Allman Brothers co-founder and guitarist Dickey Betts dies at 80

“Dickey was larger than life, and his loss will be felt world-wide.”

Dickey Betts of The Allman Brothers Band

Image: Tim Mosenfelder / Getty Images

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Dickey Betts, legendary guitarist and co-founder of the Allman Brothers Band, has died at the age of 80.

Betts’ death was confirmed by his family via an announcement on his Instagram page: “It is with profound sadness and heavy hearts that the Betts family announce the peaceful passing of Forrest Richard ‘Dickey’ Betts (December 12, 1943 – April 18, 2024) at the age of 80 years old. The legendary performer, songwriter, bandleader and family patriarch passed away earlier today at his home in Osprey, FL., surrounded by his family. Dickey was larger than life, and his loss will be felt world-wide.”

A trailblazing figure in Southern rock music, Betts shared lead guitar duties with Duane Allman in the original Allman Brothers Band. Together, the group pioneered a unique sound that blended blues, rock, jazz, and country, setting the stage for a new era in American music.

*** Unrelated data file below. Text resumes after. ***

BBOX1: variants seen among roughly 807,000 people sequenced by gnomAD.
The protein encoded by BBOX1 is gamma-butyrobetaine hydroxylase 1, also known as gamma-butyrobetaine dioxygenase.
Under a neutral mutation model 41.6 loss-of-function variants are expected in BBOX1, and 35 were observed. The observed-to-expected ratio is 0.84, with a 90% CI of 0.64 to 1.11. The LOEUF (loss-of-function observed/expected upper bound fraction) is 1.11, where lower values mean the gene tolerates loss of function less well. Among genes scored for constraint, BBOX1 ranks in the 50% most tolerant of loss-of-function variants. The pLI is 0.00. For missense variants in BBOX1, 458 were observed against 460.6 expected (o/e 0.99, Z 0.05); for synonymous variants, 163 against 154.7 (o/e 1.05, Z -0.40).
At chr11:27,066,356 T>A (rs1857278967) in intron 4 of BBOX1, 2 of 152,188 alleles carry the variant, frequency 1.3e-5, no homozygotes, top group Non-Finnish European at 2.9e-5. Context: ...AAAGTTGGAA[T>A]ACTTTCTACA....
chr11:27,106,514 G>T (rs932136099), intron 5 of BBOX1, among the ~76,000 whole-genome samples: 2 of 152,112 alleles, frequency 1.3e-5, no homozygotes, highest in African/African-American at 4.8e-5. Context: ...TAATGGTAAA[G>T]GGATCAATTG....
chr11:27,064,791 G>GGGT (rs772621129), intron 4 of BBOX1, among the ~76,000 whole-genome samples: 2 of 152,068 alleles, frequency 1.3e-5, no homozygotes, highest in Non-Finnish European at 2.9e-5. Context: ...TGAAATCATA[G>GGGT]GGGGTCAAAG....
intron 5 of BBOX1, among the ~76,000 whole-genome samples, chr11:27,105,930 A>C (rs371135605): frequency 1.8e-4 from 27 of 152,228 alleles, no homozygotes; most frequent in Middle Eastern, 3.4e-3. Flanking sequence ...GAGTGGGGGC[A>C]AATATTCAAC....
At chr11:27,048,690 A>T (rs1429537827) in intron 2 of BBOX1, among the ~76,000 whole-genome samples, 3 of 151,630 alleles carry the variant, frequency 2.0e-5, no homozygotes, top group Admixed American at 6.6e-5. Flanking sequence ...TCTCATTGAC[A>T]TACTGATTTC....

Following Duane Allman’s tragic passing in 1971, Betts took on a more prominent role in the band as songwriter and lead guitarist. His masterful guitar work, characterised by an emphasis on melodies and intricate solos, became a defining element of the Allman Brothers Band’s sound. The rocker was also responsible for some of the band’s most beloved songs like Jessica, Blue Sky, as well as their biggest hit, Ramblin’ Man.

Betts’ journey as a member of the Allman Brothers Band would prove to be tumultuous. The group experienced at least two breakups, with Betts making a permanent exit from the band in 2000 due to alleged conflicts surrounding his continued substance abuse.

Beyond his work with Allmans, Betts pursued a successful solo career with his own band Great Southern, whose lineup included his son, guitarist Duane Betts. His final album release was Dickey Betts & Great Southern Official Bootleg Vol. 1 in 2021, a two-CD live album of performances from the noughties.

In 2014, Betts quietly announced his retirement, only to return to touring in 2017 after he got “bored as hell sitting around” [via Billboard].

“He was passionate in life, be it music, songwriting, fishing, hunting, boating, golf, karate or boxing,” the Allman Brothers Band wrote in a statement remembering Betts. “Dickey was all in on and excelled at anything that caught his attention.”

“Betts joins his brothers, Duane Allman, Berry Oakley, Butch Trucks and Gregg Allman, as well as ABB crew members Twiggs Lyndon, Joe Dan Petty, Red Dog, Kim Payne and Mike Callahan in that old Winnebago in the sky touring the world taking their music to all who will listen.”

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